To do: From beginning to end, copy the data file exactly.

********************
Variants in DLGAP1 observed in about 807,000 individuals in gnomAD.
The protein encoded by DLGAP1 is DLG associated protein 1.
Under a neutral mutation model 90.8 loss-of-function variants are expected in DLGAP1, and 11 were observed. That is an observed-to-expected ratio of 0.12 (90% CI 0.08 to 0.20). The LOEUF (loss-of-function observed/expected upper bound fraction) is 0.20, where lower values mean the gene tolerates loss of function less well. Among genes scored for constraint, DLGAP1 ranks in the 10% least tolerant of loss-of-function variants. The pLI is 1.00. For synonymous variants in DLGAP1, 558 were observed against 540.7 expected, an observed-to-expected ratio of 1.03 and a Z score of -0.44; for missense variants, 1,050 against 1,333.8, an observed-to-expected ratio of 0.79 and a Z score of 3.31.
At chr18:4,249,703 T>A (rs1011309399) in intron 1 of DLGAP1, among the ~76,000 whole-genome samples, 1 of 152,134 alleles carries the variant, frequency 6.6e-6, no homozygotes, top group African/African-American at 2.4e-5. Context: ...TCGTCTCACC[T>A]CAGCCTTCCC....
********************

Variants in DLGAP1 observed in about 807,000 individuals in gnomAD.
The protein encoded by DLGAP1 is DLG associated protein 1.
Under a neutral mutation model 90.8 loss-of-function variants are expected in DLGAP1, and 11 were observed. That is an observed-to-expected ratio of 0.12 (90% CI 0.08 to 0.20). The LOEUF (loss-of-function observed/expected upper bound fraction) is 0.20, where lower values mean the gene tolerates loss of function less well. Among genes scored for constraint, DLGAP1 ranks in the 10% least tolerant of loss-of-function variants. The pLI is 1.00. For synonymous variants in DLGAP1, 558 were observed against 540.7 expected, an observed-to-expected ratio of 1.03 and a Z score of -0.44; for missense variants, 1,050 against 1,333.8, an observed-to-expected ratio of 0.79 and a Z score of 3.31.
At chr18:4,249,703 T>A (rs1011309399) in intron 1 of DLGAP1, among the ~76,000 whole-genome samples, 1 of 152,134 alleles carries the variant, frequency 6.6e-6, no homozygotes, top group African/African-American at 2.4e-5. Context: ...TCGTCTCACC[T>A]CAGCCTTCCC....